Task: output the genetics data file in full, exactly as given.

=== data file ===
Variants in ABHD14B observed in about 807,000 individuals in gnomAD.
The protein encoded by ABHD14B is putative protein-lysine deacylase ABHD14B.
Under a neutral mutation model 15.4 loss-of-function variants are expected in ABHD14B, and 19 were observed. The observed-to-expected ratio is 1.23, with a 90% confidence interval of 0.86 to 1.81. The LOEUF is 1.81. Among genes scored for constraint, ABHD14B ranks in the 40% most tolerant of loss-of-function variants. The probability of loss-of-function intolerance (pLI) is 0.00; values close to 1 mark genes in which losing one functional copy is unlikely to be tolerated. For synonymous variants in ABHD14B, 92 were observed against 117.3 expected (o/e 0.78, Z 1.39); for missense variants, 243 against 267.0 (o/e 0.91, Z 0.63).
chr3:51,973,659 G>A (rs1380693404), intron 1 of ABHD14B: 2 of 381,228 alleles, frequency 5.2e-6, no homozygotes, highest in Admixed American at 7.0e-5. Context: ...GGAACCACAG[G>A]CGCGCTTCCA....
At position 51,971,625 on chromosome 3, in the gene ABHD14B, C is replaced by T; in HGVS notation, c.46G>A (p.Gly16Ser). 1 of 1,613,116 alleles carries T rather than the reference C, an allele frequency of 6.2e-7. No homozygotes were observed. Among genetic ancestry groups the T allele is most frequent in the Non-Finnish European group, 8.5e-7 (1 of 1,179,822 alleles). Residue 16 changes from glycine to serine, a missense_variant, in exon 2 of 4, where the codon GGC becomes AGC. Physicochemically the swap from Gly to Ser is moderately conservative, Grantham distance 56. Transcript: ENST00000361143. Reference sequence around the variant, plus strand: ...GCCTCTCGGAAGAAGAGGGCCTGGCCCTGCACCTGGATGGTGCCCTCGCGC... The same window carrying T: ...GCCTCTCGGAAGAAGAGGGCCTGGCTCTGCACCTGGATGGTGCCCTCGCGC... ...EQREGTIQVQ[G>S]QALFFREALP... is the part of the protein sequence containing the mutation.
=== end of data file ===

Variants in ABHD14B observed in about 807,000 individuals in gnomAD.
The protein encoded by ABHD14B is putative protein-lysine deacylase ABHD14B.
Under a neutral mutation model 15.4 loss-of-function variants are expected in ABHD14B, and 19 were observed. The observed-to-expected ratio is 1.23, with a 90% confidence interval of 0.86 to 1.81. The LOEUF is 1.81. Among genes scored for constraint, ABHD14B ranks in the 40% most tolerant of loss-of-function variants. The probability of loss-of-function intolerance (pLI) is 0.00; values close to 1 mark genes in which losing one functional copy is unlikely to be tolerated. For synonymous variants in ABHD14B, 92 were observed against 117.3 expected (o/e 0.78, Z 1.39); for missense variants, 243 against 267.0 (o/e 0.91, Z 0.63).
chr3:51,973,659 G>A (rs1380693404), intron 1 of ABHD14B: 2 of 381,228 alleles, frequency 5.2e-6, no homozygotes, highest in Admixed American at 7.0e-5. Context: ...GGAACCACAG[G>A]CGCGCTTCCA....
At position 51,971,625 on chromosome 3, in the gene ABHD14B, C is replaced by T; in HGVS notation, c.46G>A (p.Gly16Ser). 1 of 1,613,116 alleles carries T rather than the reference C, an allele frequency of 6.2e-7. No homozygotes were observed. Among genetic ancestry groups the T allele is most frequent in the Non-Finnish European group, 8.5e-7 (1 of 1,179,822 alleles). Residue 16 changes from glycine to serine, a missense_variant, in exon 2 of 4, where the codon GGC becomes AGC. Physicochemically the swap from Gly to Ser is moderately conservative, Grantham distance 56. Transcript: ENST00000361143. Reference sequence around the variant, plus strand: ...GCCTCTCGGAAGAAGAGGGCCTGGCCCTGCACCTGGATGGTGCCCTCGCGC... The same window carrying T: ...GCCTCTCGGAAGAAGAGGGCCTGGCTCTGCACCTGGATGGTGCCCTCGCGC... ...EQREGTIQVQ[G>S]QALFFREALP... is the part of the protein sequence containing the mutation.